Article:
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Last update06:47:54 AM GMT

Profession welcomes Howe report, but victims remain unimpressed

Your Expert Witness Lord HoweThe biggest scandal to have hit the plastic surgery profession took a new turn with the publication on 14 May of health minister Lord Howe’s review of the PiP breast implants affair. Lord Howe found that, although the regulator acted appropriately and followed scientific and clinical advice, there is room for improvement and serious lessons must be learned.

Lord Howe was tasked with looking into whether the Medicines and Healthcare products Regulatory Agency (MHRA) and the Department of Health acted properly both before and after information about the implants came to light. He made a number of recommendations for improvements to the operation of the MHRA, including that it should identify ways of gathering better evidence on the safety of devices, broaden its approach to analysing reported problems with higher risk medical devices and find better ways of communicating with the public.

The review also calls for the operation of the European regulatory system to be improved and for health professionals and providers to be better at reporting problems when they occur.

Two of the leading professional bodies in the field broadly welcomed the report but repeated calls for a mandatory register of implants.

The president-elect of the British Association of Aesthetic Plastic Surgeons (BAAPS), Rajiv Grover, said in a statement: “We welcome the findings of the Government’s review into the PiP scandal, and agree in particular that there should be a better system of reporting for medical devices, with data gathered from a wider set of sources that should be routinely reviewed. For the last few years, BAAPS has been championing the reinstatement of a compulsory implant register that would monitor not just breast but all types of implant put into the body. The register is part of our regulation proposals put forward earlier this year and would immediately address all the recommendations put forward in this report, as would a mandatory safety audit based on the model that BAAPS requires of all its members.”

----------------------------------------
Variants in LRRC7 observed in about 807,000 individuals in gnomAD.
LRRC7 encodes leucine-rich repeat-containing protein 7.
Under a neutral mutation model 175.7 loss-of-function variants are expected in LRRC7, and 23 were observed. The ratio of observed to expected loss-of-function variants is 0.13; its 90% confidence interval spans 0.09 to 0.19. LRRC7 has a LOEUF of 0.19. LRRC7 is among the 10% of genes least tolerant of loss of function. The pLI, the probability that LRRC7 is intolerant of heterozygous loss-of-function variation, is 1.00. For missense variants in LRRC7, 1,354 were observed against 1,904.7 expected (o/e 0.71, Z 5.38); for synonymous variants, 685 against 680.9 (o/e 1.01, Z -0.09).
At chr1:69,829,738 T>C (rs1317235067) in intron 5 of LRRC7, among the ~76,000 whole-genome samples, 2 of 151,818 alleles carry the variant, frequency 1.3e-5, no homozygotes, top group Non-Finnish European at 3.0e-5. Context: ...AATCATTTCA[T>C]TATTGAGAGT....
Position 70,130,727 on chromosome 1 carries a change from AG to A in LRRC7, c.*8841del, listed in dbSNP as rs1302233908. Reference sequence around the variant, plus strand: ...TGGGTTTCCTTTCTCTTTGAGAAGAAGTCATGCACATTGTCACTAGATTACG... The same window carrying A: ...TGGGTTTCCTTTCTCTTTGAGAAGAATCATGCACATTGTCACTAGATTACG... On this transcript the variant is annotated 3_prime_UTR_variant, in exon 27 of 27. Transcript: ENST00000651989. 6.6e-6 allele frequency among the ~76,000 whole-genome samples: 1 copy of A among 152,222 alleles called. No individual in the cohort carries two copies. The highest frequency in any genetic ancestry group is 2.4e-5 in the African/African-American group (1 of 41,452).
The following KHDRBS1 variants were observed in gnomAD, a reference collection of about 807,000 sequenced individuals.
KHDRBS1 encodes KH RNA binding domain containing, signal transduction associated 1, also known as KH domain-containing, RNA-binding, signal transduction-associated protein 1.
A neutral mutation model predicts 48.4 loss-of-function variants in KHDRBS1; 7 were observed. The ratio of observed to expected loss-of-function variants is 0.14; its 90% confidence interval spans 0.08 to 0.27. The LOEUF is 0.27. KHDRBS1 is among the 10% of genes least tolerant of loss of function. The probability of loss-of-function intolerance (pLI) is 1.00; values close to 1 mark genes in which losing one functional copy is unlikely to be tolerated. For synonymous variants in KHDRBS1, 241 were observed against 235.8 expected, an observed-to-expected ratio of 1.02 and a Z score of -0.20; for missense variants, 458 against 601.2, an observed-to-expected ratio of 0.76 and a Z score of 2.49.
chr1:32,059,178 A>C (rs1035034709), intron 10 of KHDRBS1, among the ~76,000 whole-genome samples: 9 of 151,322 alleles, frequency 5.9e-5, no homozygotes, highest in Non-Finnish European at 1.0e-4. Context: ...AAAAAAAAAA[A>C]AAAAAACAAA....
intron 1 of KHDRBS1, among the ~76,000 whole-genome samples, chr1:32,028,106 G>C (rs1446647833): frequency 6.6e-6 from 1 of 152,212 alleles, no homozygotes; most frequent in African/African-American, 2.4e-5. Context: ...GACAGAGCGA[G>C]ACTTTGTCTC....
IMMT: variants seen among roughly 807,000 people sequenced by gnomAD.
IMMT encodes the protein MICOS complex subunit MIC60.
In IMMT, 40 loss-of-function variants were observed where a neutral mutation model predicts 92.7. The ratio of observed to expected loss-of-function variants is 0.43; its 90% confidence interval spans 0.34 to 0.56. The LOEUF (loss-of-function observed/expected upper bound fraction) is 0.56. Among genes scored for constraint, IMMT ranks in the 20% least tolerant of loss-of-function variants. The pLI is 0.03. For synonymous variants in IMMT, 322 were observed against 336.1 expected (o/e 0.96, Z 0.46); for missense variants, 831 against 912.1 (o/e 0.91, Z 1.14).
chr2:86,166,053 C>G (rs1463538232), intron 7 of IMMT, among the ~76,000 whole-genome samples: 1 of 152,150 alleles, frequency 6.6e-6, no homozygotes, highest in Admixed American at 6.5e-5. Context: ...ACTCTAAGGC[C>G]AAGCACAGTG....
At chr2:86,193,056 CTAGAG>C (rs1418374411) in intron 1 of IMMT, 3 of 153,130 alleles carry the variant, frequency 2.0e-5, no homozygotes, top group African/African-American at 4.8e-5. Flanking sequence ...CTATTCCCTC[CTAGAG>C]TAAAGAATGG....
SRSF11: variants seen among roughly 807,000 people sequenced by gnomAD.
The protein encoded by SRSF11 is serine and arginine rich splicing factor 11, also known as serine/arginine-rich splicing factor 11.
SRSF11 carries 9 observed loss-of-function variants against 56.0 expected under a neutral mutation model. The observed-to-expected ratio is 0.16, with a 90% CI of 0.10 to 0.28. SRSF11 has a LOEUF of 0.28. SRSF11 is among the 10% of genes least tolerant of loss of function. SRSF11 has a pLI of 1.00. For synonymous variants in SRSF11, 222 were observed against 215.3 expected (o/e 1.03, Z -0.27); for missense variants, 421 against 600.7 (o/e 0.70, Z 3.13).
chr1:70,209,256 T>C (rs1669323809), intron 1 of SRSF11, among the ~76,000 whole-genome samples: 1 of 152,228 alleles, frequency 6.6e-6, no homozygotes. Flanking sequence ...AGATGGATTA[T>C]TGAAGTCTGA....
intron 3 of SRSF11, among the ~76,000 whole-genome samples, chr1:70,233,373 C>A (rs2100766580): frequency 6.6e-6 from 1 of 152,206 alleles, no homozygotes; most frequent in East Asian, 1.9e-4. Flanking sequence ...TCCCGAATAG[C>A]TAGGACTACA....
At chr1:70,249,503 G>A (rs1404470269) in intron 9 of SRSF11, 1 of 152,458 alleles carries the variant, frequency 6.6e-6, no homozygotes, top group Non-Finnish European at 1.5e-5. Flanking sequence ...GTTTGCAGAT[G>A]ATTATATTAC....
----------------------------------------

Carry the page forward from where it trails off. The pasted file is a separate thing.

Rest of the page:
Tim Goodacre, chairman of the professional standards committee of the British Association of Plastic, Reconstructive and Aesthetic Surgeons (BAPRAS), said: “BAPRAS welcomes the findings of Lord Howe’s review and we hope that this will lead to improvements in the regulatory system for medical devices. We urge members to vigilance and rapid reporting of adverse events, especially involving new products and devices and will encourage heightened awareness in both NHS and private sectors through every means at our disposal.

“We also welcome improved systems for the detection of trends, and the better responsiveness of the MHRA to early detection and improved communication with other governmental and European institutions.
“We naturally also support fully the recommendation that a well-designed Breast Implant Registry be re-established, and believe that such a process could act as a model or template for other higher risk implanted devices.”
Not everyone was heartened or reassured by Lord Howe’s findings, however. A medical negligence specialist who represents over 100 women affected by the scare was scathing about the peer’s statement that: “The MHRA had to balance the need to provide full information against the risk of causing undue concern to women when they did not have clear evidence of potential harm.”

Stephanie Fallon of Merseyside-based Lindsays Solicitors, said: “It is this finding that has caused consternation among those women who have been deprived of an opportunity to make a decision as to whether or not they wished to retain implants containing industrial grade silicone and a high rupture rate in their bodies.

“It is not an executive decision to be made by a regulatory body but a decision to be taken by the women themselves, having regard to all of the relevant information.”

Last Updated on Wednesday, 27 June 2012 10:52